A tour through a world of performance design at the Prague Quadrennial
Last week we told you about the opening of the Prague Quadrennial, an unparalleled showcase of world scenography – design for artistic performance – that began in 1967 and only comes around every four years. The exhibits cover everything from costumes, sound design, and theatre architecture to multi-media theatrical and performance art… in short, if you imagine a wildish menagerie of all things theatre, then you’re half way there. For today’s Arts I spent an afternoon walking around one of the most special attractions at the Quadrennial, which is the pavilion of installations from 60 different countries and regions, all entirely unique and hosting some of the best and most imaginative of scenographic work the world over.
I think I’m in the English exhibit now, and we’re watching some videos – interviews with artists. But instead of sitting and watching it on television, the televisions are hung from the ceiling and we’re watching the reflection of the video in the water that is on the floor here… it’s very interesting. Actually I didn’t notice the water until I was standing in it…
“I am Martina Svobodová and I am the curator of this part of the PQ, called “PQ for Children”. It’s a programme for children from small ones to 99-years-old, because many adults feel like children also. We are preparing a game that guides the children through the exhibitions, and the other thing we have here is a Cabinet of Curiosities: the children make small objects and they put them inside the cabinet, so the installation continues to grow. Another important thing is that each child can vote for the one country’ whose exhibit they like the most, and tomorrow we will give the awards to the three countries with the most votes from the children…”
You’re from Iceland? What are you doing? You’ve been walking around wearing this, slightly scary white wedding dress…
“I shouldn’t be walking around, I’m supposed to be sitting in my white house, but the electricity went off, so there’s total darkness and I thought it would be a bit creepy to sit there alone and scaring the kids. So I’m trying to fix it – I should be sitting silently and knitting.”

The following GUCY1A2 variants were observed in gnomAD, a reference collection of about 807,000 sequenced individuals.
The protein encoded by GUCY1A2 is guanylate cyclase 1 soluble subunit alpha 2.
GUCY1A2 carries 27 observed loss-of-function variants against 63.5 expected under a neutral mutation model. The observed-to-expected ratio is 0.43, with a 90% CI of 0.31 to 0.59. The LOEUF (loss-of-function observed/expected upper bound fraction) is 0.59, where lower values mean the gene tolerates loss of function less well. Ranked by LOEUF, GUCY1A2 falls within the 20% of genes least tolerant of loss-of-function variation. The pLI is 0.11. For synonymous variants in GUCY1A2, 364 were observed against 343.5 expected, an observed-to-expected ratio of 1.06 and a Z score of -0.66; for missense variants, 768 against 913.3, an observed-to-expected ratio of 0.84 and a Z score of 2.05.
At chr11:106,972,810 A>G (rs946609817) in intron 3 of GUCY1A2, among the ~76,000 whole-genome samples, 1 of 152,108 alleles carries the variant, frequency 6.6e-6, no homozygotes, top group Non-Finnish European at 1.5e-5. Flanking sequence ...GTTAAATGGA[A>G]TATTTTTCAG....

So what is the point of the Icelandic installation?
So you’re waiting for 10 days?
“Yes, for ten days, for ten hours every day. Every day represents ten years and every hour a year. It’s a little bit like meditating. I read – everything is white, we have white books and I read them – and I knit, and then I drink water and milk, anything white or clear, so I have stuff to do and I do it really slowly, so maybe for two hours I’m just drinking a cup of something…”
“This is the Portuguese pavilion. We have an inner cube that you can go in to, and there’s this compost on the ground that remains after making wine, because our company is from a wine region. And if you go up to the balcony you can watch our actors, who are doing short theatre scenes in the bar below several metres away, and you can listen to them on the headphones. They are doing short scenes from the book “Blindness” by Nobel laureate José Saramago; they do sixd modules of five minutes each in a loop eight hours a day. It’s an open presentation, so they have to bring all the things around them into the performance, because everyone else, without knowing, become part of the set, an extra…”
We’re in the basement of the National Gallery now; what’s going on here? This is the Norwegian exhibit?
And is there another meaning to it than that, or is it just intended to hypnotise the audience?
“There’s not like one meaning attached, there are lots of meanings. The way we make these things is we like to keep them open in the sense that it’s easy for people to put meaning into it – there’s not, like, one fixed meaning, it’s a well of possible meanings…”
You still have Saturday and Sunday to see, or rather experience, the exhibits in the National Gallery and elsewhere around Prague. For the rest of the festival programme check out the website at pq.cz.